The 100 fly has dropped almost a whopping four and a half seconds, and the 200 has gotten almost seven seconds faster. Finally, the 200 IM has been swum a full full seconds faster, and the 400 IM has dropped close to seventeen seconds.

These remarkably improved world records are one testament to how much faster the sport of swimming has become in the last three decades. What else will change in the next 30 years?

All commentaries are the opinion of the author and do not necessarily reflect the views of Swimming World Magazine nor its staff.

13 Comments

13 comments

  1. Kristie Wisniewski

    They should do away with all the “magic suit” records though. The suit Cielo wore is illegal now. You know who will impress me….the kid who breaks those records with no “magic suit”

  2. Mike Per

    @RowdyGaines remarkable!!

  3. avatar
    Bill Bell

    I think,Kristi Wisnuewskimis on the right track although I wouldn’t like to see anyone Lise a record.

    But the suits Cielo, Niedermanand yes, even the GOAT Eire nearly a decade ago are no longer kosher and DID give their wears definite unfair advantage.
    However you can’t say only world records made in non-high tech suits should be recognized because if you do that then you have to zap all performances made in those suits and that’s impossible.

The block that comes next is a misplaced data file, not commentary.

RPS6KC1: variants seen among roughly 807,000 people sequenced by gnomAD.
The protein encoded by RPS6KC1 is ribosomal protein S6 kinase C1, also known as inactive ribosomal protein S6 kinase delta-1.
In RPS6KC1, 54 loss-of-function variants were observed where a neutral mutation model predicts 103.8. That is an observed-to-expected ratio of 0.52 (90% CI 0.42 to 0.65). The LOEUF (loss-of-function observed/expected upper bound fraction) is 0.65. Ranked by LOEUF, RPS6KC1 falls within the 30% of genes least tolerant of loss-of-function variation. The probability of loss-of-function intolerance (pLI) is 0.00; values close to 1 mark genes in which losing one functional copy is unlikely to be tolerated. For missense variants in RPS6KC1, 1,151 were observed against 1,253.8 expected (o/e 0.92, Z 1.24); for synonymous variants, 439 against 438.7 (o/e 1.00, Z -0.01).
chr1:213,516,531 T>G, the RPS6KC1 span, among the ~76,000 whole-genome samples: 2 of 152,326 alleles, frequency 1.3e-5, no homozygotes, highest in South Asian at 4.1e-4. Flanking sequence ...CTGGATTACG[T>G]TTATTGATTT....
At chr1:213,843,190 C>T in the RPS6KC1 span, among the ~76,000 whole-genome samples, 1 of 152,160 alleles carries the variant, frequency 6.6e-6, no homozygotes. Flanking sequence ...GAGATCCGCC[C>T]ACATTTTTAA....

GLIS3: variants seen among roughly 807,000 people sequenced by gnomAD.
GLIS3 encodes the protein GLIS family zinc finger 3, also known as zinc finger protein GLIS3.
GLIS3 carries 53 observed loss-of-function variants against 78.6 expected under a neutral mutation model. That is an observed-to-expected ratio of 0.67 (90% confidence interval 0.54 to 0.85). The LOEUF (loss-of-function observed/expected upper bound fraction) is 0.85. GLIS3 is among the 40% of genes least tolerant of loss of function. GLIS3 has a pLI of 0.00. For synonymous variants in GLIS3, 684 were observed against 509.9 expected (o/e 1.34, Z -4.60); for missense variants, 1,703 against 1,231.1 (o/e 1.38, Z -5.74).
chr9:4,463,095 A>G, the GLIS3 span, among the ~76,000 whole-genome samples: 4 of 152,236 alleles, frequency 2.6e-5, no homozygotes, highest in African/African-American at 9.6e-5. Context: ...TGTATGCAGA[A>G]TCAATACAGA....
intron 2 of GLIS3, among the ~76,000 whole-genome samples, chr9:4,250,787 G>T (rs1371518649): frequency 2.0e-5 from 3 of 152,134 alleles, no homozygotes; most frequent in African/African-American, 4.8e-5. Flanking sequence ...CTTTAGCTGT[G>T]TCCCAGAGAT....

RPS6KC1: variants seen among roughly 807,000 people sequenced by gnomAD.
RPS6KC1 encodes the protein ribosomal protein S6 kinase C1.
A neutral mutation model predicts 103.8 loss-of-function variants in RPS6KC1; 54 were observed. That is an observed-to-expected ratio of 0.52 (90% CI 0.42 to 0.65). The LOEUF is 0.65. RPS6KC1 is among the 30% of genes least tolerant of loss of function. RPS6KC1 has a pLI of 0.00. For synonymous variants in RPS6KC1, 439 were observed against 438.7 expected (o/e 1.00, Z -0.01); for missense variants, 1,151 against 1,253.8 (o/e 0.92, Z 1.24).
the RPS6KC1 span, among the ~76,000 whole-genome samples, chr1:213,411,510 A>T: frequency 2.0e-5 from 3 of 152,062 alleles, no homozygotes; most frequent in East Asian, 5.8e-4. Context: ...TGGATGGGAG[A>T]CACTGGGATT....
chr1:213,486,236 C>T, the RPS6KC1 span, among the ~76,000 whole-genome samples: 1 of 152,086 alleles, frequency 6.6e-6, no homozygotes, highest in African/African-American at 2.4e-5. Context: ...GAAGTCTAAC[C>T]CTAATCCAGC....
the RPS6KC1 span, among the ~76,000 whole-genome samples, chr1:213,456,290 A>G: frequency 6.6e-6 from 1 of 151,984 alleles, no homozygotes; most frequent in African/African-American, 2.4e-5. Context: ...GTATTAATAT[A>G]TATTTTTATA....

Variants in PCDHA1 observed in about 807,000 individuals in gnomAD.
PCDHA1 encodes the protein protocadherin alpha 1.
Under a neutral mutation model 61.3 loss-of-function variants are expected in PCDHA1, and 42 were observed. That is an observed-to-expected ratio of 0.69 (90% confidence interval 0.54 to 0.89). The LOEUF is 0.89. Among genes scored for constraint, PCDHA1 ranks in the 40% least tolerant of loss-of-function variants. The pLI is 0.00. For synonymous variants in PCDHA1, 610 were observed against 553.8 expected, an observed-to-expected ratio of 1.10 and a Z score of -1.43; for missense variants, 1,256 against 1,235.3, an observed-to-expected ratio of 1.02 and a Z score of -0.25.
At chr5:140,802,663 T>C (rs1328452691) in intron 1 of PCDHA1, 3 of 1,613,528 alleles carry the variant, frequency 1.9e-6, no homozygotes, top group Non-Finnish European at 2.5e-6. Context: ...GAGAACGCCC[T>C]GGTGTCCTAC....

Ryan Murphy broke Aaron Piersol’s 100 back wr and Lochte did it w/Phelps’ 200 IM standard. And Lececky and Hosszu have destroyed the global standards in the distance frees and IMs so little by little, the global standards are falling.
    Give Dressel a couple of years and he’ll have gone sub-20.0/46.0 and Weitzeil sub-23.0!and Manuel sub-51.0!

    • avatar
      YY

      Only six high-tech suit records left on the female side. And all of them but 200 fly look very approachable or are long due ( 4×200). We have completely opposite situation with male records. Why do you think it is so?

      • avatar
        Chase

        The men’s records are harder to get because the suits gave people with bigger physiques more of an advantage due to the greater lift and propulsion that the suit gave as it covered more surface area in the water

  4. Clare Lobb

    Can we get a similar look at the women’s events?

  5. avatar
    Scott

    Thw rule changes in back stroke have aided those time drops as well. You had to touch the wall with your had in 1980

  6. Nick Westaway

    “I believe the 46.9 will stand for the next ten years”
    That’s a big call when McEvoy went 47.04 last year

  7. avatar

    Rule changes in breaststroke also make a huge difference. In 1980 you couldn’t let the top of your head go beneath the surface and there were no dolphin kicks allowed. Those are Huge constraints.

  8. avatar
    Max Thorsten

    When I grew up and trained in South Africa I knew the 1980 200 IM World Record holder, Jeremy Reingold who used to yrain outdoors in winter as there were no indoor pools and used to rub petroleum jelly and plastic wrap over his body to keep warm. A super talent !

Author: Jacob RIley